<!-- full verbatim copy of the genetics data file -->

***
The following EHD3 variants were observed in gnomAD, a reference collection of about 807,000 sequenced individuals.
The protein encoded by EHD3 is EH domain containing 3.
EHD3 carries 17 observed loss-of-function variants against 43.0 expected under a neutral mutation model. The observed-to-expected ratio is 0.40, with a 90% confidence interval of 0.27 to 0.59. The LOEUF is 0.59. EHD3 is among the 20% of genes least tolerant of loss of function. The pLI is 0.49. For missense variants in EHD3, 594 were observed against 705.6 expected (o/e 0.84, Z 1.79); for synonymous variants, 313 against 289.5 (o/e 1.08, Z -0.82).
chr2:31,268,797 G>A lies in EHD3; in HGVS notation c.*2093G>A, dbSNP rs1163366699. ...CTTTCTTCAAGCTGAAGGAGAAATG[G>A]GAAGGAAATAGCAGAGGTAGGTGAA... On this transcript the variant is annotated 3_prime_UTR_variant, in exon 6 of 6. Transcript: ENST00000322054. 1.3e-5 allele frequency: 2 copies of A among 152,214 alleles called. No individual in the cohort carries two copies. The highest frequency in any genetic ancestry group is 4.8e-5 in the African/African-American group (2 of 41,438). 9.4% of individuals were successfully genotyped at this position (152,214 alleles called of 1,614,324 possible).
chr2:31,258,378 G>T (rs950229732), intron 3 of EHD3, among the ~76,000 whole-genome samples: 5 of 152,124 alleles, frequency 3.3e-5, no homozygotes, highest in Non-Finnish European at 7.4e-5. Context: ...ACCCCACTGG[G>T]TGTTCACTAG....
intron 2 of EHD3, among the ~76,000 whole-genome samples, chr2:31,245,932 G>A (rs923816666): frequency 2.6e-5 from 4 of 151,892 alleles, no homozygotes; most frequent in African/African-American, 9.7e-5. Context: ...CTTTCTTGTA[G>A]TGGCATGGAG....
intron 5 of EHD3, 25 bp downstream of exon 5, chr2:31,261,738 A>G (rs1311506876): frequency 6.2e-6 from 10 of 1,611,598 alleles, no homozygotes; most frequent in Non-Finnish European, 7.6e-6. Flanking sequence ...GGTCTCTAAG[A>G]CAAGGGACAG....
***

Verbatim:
The following EHD3 variants were observed in gnomAD, a reference collection of about 807,000 sequenced individuals.
The protein encoded by EHD3 is EH domain containing 3.
EHD3 carries 17 observed loss-of-function variants against 43.0 expected under a neutral mutation model. The observed-to-expected ratio is 0.40, with a 90% confidence interval of 0.27 to 0.59. The LOEUF is 0.59. EHD3 is among the 20% of genes least tolerant of loss of function. The pLI is 0.49. For missense variants in EHD3, 594 were observed against 705.6 expected (o/e 0.84, Z 1.79); for synonymous variants, 313 against 289.5 (o/e 1.08, Z -0.82).
chr2:31,268,797 G>A lies in EHD3; in HGVS notation c.*2093G>A, dbSNP rs1163366699. ...CTTTCTTCAAGCTGAAGGAGAAATG[G>A]GAAGGAAATAGCAGAGGTAGGTGAA... On this transcript the variant is annotated 3_prime_UTR_variant, in exon 6 of 6. Transcript: ENST00000322054. 1.3e-5 allele frequency: 2 copies of A among 152,214 alleles called. No individual in the cohort carries two copies. The highest frequency in any genetic ancestry group is 4.8e-5 in the African/African-American group (2 of 41,438). 9.4% of individuals were successfully genotyped at this position (152,214 alleles called of 1,614,324 possible).
chr2:31,258,378 G>T (rs950229732), intron 3 of EHD3, among the ~76,000 whole-genome samples: 5 of 152,124 alleles, frequency 3.3e-5, no homozygotes, highest in Non-Finnish European at 7.4e-5. Context: ...ACCCCACTGG[G>T]TGTTCACTAG....
intron 2 of EHD3, among the ~76,000 whole-genome samples, chr2:31,245,932 G>A (rs923816666): frequency 2.6e-5 from 4 of 151,892 alleles, no homozygotes; most frequent in African/African-American, 9.7e-5. Context: ...CTTTCTTGTA[G>A]TGGCATGGAG....
intron 5 of EHD3, 25 bp downstream of exon 5, chr2:31,261,738 A>G (rs1311506876): frequency 6.2e-6 from 10 of 1,611,598 alleles, no homozygotes; most frequent in Non-Finnish European, 7.6e-6. Flanking sequence ...GGTCTCTAAG[A>G]CAAGGGACAG....